Rodents demonstrate an outstanding capability of tactile perception with their whiskers. Mechanoreceptors surrounding the whisker shaft in their follicle structure measure deflection of the whisker. We designed biomimetic whiskers following the basic design of the follicle. In experiments with the artificial whiskers, we have explored tactile perception based on active whisking where the deflection angle or velocity provides the localization information which is the basis of shape recognition. Measuring contact distances at varying protraction angles allows discrimination of round objects with a varying curvature, or objects with different lateral shapes, such as square and round objects. We show the capabilities and limitations of a single whisker for shape recognition as well as the usefulness of multiple whiskers. In addition, measuring both vertical and horizontal deflection of a single whisker allows detection of the vertical shape for objects with a smooth surface. Two or more whiskers stacked vertically can recognize the vertical shape by observing the difference of their deflection amplitudes or the time shift of deflection velocity peak. The results provide a clue on how autonomous robots could improve their sensory capabilities with mechanical probes.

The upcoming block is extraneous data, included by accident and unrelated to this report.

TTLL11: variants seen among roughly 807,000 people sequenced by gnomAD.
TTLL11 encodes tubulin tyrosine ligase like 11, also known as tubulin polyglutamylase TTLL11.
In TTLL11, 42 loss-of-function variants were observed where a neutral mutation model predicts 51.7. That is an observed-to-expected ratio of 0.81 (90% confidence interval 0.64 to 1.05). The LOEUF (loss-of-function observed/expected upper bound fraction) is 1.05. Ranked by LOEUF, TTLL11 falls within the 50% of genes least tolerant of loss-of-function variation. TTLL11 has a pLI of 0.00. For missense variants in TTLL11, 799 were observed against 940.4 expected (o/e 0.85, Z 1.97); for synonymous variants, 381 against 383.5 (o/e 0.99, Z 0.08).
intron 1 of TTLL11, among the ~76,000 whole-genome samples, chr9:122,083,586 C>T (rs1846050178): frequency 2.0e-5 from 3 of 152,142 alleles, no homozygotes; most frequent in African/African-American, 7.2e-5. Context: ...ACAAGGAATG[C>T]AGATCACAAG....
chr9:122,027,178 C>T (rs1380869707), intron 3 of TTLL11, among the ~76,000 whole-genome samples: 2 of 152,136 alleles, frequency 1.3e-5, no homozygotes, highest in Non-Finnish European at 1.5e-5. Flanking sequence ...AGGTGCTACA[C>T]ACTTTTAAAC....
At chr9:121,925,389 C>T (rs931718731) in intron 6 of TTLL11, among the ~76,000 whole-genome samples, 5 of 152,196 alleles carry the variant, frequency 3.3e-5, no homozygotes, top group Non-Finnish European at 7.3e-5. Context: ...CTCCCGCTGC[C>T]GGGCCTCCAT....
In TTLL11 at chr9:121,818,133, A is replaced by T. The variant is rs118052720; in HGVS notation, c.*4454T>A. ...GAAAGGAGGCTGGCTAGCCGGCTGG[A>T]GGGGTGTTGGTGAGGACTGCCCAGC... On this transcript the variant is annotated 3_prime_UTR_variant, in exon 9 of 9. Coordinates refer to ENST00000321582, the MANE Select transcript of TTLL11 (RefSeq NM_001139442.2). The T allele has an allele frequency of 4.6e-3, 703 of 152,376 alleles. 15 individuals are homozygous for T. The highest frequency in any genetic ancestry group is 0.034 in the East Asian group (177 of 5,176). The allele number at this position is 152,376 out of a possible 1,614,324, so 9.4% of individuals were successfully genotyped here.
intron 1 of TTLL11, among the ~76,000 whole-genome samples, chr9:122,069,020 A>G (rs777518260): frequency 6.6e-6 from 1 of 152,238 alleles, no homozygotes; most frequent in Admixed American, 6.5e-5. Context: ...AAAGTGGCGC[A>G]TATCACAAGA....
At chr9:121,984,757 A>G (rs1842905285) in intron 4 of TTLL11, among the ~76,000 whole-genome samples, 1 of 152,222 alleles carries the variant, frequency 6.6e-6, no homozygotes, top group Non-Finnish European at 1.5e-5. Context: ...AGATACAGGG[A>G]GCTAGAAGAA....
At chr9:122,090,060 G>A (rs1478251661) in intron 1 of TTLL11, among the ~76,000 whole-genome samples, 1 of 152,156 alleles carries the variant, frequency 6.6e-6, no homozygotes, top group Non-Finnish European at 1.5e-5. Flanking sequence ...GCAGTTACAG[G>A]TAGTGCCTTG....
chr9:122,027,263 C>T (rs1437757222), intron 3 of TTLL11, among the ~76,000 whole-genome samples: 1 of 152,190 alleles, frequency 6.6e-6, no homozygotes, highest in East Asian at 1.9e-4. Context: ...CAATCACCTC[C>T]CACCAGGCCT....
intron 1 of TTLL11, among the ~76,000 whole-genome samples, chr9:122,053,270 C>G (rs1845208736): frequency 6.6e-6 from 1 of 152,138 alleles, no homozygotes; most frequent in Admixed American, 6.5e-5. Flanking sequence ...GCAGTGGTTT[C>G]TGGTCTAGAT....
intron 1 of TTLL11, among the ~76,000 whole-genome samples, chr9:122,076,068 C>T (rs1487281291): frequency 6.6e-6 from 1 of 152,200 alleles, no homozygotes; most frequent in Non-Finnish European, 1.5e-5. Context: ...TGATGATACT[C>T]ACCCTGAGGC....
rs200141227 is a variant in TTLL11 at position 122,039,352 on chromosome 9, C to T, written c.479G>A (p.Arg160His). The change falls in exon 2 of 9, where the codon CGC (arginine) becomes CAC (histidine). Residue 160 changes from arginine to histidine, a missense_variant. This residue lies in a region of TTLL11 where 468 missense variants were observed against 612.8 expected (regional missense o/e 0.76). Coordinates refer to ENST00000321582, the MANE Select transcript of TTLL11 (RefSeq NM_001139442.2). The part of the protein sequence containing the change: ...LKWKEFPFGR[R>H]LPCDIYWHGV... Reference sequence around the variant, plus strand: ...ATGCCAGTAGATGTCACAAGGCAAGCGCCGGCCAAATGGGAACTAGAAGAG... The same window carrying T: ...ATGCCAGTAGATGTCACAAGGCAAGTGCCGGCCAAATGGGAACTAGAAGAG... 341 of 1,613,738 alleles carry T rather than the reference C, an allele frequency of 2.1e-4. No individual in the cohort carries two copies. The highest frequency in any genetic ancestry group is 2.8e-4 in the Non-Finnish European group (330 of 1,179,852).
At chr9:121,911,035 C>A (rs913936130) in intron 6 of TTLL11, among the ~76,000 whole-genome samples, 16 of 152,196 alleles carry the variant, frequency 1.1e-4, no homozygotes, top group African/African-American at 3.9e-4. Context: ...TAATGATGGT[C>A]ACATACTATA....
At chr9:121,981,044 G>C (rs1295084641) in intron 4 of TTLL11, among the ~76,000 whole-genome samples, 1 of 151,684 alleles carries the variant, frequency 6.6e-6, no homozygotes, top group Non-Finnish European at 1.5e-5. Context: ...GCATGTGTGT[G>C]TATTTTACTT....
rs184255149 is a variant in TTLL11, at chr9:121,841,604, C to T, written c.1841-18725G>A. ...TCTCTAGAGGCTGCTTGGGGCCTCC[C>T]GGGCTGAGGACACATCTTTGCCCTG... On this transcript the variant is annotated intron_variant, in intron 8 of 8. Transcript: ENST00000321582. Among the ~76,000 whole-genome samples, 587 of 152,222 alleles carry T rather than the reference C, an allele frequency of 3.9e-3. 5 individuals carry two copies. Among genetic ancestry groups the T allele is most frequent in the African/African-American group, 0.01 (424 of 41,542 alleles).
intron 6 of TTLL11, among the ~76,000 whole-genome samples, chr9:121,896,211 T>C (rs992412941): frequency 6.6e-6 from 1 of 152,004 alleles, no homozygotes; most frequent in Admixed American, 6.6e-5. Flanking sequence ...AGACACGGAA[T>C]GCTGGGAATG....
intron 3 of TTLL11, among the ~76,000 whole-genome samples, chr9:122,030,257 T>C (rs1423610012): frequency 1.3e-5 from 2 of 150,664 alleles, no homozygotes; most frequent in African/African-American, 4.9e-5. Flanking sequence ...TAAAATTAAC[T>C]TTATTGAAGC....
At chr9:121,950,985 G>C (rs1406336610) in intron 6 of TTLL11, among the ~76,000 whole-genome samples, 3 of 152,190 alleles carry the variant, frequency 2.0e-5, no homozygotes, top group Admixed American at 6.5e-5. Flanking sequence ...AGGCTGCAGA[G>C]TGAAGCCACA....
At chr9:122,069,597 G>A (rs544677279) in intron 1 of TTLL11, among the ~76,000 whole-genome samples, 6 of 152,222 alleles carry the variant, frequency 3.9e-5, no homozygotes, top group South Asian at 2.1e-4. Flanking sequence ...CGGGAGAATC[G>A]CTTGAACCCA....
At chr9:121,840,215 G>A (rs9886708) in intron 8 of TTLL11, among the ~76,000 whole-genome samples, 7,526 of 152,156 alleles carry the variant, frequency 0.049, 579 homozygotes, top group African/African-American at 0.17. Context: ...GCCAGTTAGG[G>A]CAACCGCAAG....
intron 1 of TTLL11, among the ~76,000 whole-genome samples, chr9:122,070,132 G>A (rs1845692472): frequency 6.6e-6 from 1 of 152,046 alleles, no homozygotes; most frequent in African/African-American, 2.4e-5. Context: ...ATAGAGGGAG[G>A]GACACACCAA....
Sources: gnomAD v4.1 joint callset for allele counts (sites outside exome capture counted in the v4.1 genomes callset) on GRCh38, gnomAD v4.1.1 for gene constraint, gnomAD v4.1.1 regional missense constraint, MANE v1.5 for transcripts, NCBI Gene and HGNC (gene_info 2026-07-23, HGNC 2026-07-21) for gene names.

All Science Journal Classification (ASJC) codes
- Control and Systems Engineering
- Computer Science Applications